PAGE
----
It is, by now, quite clear that a successful implementation of the dual GST is based on substantive IT capability both at the tax administration level and at the taxpayer level. While efforts are going on to implement an all-India VAT data exchange and validation model called the TINSYS, significant additional investment required in either scaling up this system to cater to the GST or, alternatively, to put in place an entirely independent IT infrastructure to administer the tax.
Finally, since the dual GST is considerably different from the present indirect tax regime, a massive training initiative would be required at both federal and state levels to familiarize the respective administrations with the concepts and procedures of the dual GST. The knowledge and awareness of the GST, at both federal and state levels, at the staff and operational levels at present is almost non-existent and the challenge in regard to training is, thus, perhaps the most formidable of all that have been discussed here.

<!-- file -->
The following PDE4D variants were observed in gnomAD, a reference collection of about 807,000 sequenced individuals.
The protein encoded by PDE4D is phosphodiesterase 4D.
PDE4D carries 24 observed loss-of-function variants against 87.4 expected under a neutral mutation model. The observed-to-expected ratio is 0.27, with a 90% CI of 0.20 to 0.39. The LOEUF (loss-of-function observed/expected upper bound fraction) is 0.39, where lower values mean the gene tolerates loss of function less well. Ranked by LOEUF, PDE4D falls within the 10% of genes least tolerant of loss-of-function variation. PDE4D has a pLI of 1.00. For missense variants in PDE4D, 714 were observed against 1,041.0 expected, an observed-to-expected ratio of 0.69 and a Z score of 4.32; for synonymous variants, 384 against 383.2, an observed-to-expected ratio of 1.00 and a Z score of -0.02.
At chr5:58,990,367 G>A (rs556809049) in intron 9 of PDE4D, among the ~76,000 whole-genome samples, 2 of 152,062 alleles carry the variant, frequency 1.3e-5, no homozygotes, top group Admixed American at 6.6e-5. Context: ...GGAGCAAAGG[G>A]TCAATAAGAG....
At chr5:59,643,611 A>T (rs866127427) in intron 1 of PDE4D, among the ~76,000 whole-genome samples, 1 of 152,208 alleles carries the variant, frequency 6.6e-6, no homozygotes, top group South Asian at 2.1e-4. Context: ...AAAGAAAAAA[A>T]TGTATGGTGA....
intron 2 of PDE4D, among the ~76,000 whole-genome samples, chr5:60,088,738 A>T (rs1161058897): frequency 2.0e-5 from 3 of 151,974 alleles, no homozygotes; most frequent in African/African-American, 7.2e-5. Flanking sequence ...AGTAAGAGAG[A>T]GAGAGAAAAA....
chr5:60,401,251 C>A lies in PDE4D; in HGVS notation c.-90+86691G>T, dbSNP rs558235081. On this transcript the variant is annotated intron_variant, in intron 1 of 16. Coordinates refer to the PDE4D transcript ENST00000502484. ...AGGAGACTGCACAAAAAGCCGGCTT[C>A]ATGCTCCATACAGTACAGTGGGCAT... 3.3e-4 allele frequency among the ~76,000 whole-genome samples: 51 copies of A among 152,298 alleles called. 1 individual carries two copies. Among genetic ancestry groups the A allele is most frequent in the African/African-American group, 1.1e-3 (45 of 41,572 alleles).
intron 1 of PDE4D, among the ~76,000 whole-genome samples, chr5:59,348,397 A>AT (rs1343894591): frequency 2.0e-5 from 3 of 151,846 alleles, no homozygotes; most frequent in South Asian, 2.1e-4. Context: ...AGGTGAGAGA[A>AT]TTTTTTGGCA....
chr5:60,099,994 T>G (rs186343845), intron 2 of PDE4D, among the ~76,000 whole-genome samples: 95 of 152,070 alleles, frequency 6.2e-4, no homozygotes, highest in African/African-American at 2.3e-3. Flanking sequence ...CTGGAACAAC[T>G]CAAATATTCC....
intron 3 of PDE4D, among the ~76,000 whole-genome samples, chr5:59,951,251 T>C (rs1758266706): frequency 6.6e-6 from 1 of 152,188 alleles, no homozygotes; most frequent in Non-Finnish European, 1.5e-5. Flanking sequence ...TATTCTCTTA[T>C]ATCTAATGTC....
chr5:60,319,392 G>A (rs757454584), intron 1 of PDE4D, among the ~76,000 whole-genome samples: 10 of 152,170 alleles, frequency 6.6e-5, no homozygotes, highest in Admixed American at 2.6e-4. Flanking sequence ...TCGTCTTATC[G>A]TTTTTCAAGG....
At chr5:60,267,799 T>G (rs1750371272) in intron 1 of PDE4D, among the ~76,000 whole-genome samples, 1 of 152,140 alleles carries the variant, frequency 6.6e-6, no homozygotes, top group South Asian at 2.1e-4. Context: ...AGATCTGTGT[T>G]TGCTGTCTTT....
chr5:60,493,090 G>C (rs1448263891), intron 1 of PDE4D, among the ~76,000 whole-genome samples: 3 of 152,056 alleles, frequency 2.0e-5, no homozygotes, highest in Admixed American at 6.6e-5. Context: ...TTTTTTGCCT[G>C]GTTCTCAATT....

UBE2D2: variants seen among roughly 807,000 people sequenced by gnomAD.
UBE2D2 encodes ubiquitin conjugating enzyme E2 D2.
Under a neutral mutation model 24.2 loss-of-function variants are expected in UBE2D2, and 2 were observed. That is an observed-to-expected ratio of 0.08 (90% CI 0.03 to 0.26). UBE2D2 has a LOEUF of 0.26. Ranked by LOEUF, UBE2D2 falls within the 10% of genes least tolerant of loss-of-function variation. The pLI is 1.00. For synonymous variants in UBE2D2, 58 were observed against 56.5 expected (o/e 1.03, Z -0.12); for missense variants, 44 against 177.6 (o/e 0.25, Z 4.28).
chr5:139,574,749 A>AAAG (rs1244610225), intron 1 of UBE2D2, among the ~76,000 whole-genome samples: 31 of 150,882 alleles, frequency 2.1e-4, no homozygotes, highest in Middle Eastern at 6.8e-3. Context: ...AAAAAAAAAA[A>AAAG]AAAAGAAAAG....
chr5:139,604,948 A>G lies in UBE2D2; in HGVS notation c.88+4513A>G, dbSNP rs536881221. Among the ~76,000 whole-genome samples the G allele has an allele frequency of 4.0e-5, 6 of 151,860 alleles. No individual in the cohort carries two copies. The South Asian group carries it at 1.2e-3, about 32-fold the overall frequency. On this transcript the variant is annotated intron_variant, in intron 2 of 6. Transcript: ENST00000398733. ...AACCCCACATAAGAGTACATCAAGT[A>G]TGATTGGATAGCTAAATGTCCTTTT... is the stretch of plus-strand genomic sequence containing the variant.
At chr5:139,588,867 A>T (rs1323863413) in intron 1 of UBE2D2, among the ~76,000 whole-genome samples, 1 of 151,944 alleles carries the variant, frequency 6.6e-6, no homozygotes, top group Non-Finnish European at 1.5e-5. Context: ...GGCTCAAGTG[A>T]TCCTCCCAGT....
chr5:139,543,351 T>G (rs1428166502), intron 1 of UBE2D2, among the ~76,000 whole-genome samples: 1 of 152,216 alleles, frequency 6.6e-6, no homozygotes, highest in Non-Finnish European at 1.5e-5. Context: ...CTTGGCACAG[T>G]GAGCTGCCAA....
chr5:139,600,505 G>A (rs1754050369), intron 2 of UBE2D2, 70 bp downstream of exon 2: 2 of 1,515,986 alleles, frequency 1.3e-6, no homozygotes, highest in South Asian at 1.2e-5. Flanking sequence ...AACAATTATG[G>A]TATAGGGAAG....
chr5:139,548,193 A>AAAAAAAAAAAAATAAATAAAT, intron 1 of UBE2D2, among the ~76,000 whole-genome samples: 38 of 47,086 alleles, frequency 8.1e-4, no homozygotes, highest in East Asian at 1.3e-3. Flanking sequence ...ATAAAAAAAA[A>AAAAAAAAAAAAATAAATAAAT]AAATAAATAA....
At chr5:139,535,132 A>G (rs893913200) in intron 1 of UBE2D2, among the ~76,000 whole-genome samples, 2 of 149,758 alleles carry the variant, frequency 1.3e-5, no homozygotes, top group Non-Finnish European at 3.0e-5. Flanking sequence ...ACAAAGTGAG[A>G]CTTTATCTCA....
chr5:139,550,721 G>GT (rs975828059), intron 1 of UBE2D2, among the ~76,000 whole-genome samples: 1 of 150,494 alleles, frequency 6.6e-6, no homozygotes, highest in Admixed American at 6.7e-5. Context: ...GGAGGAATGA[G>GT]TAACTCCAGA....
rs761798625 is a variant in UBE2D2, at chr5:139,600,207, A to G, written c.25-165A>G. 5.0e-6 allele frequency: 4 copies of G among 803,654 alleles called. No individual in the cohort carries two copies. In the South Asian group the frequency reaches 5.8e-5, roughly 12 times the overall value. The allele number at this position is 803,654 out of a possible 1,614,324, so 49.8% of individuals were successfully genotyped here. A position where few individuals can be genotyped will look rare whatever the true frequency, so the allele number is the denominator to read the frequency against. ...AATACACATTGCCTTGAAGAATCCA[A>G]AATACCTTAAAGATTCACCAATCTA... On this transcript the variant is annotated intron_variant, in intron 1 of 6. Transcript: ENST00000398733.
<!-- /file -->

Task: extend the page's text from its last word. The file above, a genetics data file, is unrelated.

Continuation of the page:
Therefore, while it is now universally acknowledged and recognized that the GST, in whatever form, should be introduced at the earliest as a fundamental fiscal reform measure, it appears unlikely that the dual GST will be introduced by April 2010. If we are really serious about the April 2010 deadline, policy makers, as also the tax administrations at the federal and state levels, need to be immediately put into action under a clearly laid-out timetable for implementation.